Northern People Feel Most Affected by Austerity – Deloitte
Posted on the 25 October 2017
Nearly half of people in the North of England are feeling the effects of the government spending cuts, according to a survey commissioned by Deloitte.
Conducted by Ipsos MORI, the business advisory firm’s The State of the State 2017-18 survey revealed that 41 per cent of adults in the North thought that austerity was having an impact on their daily lives – well above the UK average of 33 per cent.
The region scored the highest across the UK, followed by London (38 per cent), Wales (35 per cent) and the Midlands (34 per cent). In comparison, just over one in five people in Scotland suggested that they had been affected.
The UK average of 33 per cent is a rise on last year’s survey, which saw 27 per cent affected. Of the 1,071 adults surveyed, 80 per cent said that the NHS should be protected from spending cuts, while 49 per cent chose education and 32 per cent the police.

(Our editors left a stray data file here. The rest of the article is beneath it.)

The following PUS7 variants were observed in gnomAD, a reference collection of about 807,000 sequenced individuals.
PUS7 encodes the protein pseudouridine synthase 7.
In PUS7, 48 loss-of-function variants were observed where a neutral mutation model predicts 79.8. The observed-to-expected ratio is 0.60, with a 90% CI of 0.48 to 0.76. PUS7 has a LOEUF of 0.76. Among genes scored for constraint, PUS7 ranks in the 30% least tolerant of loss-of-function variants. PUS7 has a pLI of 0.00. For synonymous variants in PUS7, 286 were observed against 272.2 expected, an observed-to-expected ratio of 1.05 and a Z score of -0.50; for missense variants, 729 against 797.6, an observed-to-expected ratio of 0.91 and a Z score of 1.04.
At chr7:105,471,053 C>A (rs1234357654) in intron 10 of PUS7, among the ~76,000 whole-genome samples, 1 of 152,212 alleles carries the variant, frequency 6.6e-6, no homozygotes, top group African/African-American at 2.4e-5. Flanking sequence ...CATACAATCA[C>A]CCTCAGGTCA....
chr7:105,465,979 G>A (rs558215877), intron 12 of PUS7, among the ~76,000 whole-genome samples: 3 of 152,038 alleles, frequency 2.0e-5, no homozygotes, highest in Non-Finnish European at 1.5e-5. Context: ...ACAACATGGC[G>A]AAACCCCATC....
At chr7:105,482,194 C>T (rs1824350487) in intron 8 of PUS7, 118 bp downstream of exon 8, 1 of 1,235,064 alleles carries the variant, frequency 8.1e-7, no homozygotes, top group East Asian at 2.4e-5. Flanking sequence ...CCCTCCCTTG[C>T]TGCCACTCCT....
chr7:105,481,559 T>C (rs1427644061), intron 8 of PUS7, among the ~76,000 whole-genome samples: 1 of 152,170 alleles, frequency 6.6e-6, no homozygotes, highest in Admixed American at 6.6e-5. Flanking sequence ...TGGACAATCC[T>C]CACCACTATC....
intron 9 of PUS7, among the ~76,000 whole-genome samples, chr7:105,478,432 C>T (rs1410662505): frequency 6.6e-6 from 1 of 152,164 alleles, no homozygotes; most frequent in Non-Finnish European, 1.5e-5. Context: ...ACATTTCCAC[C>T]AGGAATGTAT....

In addition, 63 per cent suggested that government spending should increase, even if that meant increases in taxes. In contrast, only 10 per cent said that taxes should be cut, even if that meant reductions in services.
Tony Reeves, public sector partner at Deloitte in Yorkshire and the North East, said: “Certainly from the public’s perspective, the impacts of the cuts are largely negative, something that has been felt particularly strongly in the North. However, it is important that we provide a balance on this.
“What we’re hearing from businesses is that while the levels of public spending are too low, there needs to be a balance with fiscal discipline, with funding reserved for key strategic priorities. For Northern businesses, transport is a perfect example of this, providing connectivity to other Northern cities, London and internationally to support business growth, and we would expect to see this recognised by the government.”